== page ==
A multi-objective optimization approach for sensor network design

Date of Award


Degree Type


Degree Name

Doctor of Philosophy (PhD)


Electrical Engineering and Computer Science


Pramod K. Varshney


Sensor network design, Sensor networks, Routing, Distributed detection, Sensor placement

Subject Categories

Electrical and Computer Engineering | Engineering


Many sensor network design problems are characterized by the need to optimize multiple conflicting objectives. However, existing approaches generally focus on a single objective (ignoring the others), or combine multiple objectives into a single function to be optimized, to facilitate the application of classical optimization algorithms. This restricts their ability and constrains their usefulness to the network designer. A much more appropriate and natural approach is to address multiple objectives simultaneously, applying recently developed multi-objective evolutionary algorithms ( MOEAs ) in solving sensor network design problems. This dissertation describes and illustrates this approach by modeling two sensor network design problems (mobile agent routing and sensor placement), as multi-objective optimization problems, developing the appropriate objective functions and discussing the tradeoffs between them.

One of the main contributions of this dissertation is the development of a new MOEA called evolutionary multi-objective crowding algorithm ( EMOCA ). The key new approach in this algorithm is to use a diversity-emphasizing probabilistic approach in determining whether an offspring individual is considered in the replacement selection phase, along with the use of a non-domination ranking scheme. EMOCA is evaluated using nine benchmark multi-objective optimization problems, and shown to produce non-dominated solutions with significant diversity, outperforming three state-of-the-art multi-objective evolutionary algorithms on most of the test problems.

The first part of the application section of the dissertation formulates and solves the multi-objective mobile agent routing problem in wireless sensor networks. A recent approach for data fusion in wireless sensor networks involves the use of mobile agents that selectively visit the sensors and incrementally fuse the data, thereby eliminating the unnecessary transmission of irrelevant or non-critical data. The order of sensors visited along the route determines the quality of the fused data and the communication cost. We model the mobile agent routing problem as a multi-objective optimization problem, maximizing the total detected signal energy while minimizing the energy consumption and path loss. Simulation results show that this problem can be solved successfully using multi-objective evolutionary algorithms such as EMOCA and non dominated sorting genetic algorithm - II ( NSGA-II ). We also demonstrate that EMOCA and NSGA-II outperform the classical multi-objective optimization approach called the weight based genetic algorithm (WGA). In WGA, a genetic algorithm is employed to optimize a weighted combination of the normalized values of the objectives.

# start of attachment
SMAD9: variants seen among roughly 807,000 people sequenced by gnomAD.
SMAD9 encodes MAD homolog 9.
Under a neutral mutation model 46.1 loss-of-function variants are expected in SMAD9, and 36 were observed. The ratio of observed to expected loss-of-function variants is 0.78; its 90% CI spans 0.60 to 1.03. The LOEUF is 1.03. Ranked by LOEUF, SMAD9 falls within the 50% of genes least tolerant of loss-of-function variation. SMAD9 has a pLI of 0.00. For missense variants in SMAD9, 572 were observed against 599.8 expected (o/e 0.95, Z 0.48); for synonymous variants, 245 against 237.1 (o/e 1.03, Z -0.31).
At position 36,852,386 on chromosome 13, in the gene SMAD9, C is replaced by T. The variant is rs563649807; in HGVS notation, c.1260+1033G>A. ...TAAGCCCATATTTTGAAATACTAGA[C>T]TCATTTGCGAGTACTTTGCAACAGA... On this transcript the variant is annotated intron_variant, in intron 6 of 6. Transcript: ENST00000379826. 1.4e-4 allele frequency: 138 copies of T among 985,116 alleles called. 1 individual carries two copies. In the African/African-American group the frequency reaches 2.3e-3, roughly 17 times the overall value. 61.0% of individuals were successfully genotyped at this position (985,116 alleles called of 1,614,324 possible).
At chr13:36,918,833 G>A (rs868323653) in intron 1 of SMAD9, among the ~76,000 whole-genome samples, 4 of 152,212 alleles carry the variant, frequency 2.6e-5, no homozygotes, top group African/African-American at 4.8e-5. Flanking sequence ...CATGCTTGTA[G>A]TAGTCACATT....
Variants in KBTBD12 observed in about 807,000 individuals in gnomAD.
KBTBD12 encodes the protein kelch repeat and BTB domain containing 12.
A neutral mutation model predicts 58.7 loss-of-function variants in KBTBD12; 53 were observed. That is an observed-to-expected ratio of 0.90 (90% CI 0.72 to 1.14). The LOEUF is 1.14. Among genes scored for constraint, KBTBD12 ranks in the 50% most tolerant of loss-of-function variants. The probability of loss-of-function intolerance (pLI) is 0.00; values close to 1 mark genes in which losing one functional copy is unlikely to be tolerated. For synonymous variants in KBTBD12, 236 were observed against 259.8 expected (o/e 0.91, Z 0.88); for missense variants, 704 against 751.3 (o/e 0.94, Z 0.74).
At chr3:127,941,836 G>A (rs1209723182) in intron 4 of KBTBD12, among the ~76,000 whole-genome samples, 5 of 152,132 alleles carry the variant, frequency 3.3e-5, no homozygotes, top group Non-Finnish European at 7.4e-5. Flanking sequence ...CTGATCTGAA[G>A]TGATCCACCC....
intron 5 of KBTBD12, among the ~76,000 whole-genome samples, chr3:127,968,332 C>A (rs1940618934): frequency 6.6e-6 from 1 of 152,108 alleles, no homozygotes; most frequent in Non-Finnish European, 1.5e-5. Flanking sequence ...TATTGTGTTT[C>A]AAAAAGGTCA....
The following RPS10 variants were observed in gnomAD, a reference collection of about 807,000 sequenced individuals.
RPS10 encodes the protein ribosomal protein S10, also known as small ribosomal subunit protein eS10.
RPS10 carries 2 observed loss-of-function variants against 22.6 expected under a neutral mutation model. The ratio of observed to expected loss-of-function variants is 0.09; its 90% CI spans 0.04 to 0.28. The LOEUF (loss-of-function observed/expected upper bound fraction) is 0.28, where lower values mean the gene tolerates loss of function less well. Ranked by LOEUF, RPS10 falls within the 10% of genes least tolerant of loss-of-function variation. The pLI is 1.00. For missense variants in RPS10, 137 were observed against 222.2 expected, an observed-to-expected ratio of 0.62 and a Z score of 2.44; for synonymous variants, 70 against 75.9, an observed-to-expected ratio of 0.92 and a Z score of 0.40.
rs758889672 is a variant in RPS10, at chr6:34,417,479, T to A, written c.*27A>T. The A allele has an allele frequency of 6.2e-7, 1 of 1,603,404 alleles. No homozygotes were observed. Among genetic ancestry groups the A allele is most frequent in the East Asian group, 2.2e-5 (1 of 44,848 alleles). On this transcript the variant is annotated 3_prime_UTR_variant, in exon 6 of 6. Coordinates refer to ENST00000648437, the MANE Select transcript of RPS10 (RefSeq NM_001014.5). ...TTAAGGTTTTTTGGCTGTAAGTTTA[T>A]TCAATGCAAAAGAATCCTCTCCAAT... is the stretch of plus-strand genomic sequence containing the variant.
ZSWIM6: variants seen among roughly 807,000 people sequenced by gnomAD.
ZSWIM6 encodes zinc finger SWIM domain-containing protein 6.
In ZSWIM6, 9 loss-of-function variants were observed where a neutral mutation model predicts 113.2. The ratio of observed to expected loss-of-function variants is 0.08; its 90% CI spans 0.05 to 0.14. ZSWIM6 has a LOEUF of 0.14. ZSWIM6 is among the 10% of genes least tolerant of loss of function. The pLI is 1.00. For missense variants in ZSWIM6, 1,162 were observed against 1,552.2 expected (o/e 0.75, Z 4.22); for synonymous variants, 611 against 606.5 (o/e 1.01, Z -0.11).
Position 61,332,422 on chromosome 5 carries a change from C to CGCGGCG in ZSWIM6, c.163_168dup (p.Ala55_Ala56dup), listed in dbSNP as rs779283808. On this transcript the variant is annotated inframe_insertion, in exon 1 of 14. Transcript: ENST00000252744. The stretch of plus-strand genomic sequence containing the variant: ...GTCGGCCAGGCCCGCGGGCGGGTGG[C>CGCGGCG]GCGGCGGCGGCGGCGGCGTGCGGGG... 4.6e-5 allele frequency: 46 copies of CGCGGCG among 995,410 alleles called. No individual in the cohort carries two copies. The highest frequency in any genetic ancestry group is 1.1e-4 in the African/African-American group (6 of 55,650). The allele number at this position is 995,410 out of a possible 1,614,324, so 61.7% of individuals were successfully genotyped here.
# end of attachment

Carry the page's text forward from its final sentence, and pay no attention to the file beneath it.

In the second part of the application section of the dissertation, we formulate and solve the sensor placement problem for two specific application scenarios: (1) Energy efficient target detection; (2) Distributed detection of air pollutants in indoor environments subject to a constraint on the sensor network lifetime. The sensor placement problem for energy efficient target detection is modeled as a multiobjective optimization problem that addresses multiple optimization criteria including the probability of detection, energy dissipated in the network, and the optimal number of sensors to be deployed. We consider data-level fusion and decision fusion models for evaluating the multiple objectives. We solve the sensor placement problem using EMOCA and NSGA-II. Simulation results show that EMOCA and NSGA-II outperform WGA.

Many sensor network design problems have constraints on energy consumption, data accuracy, and data latency. Hence, it would be useful to develop a constrained multiobjective optimization framework to solve such problems. Such an approach is developed in this dissertation. To illustrate this approach, we model the sensor placement problem for distributed detection of air pollutants as a constrained multi-objective optimization problem. Our goal is to determine sensor locations for maximizing the detection probability and minimizing the number of sensors subject to a constraint on the sensor network lifetime. We develop mathematical models for the system level detection probability based on the diffusion of the air pollutant. We propose a new constrained multi-objective evolutionary algorithm called constrained evolutionary multi-objective crowding algorithm (C-EMOCA) for solving constrained multi-objective optimization problems. C-EMOCA and another well-known constrained multi-objective evolutionary algorithm (NSGA-II) are applied for solving the sensor placement problem. Simulation results show that the detection probability is influenced by the pollutant parameters and the constraint on the network lifetime. We also observe that C-EMOCA performs better than NSGA-II.


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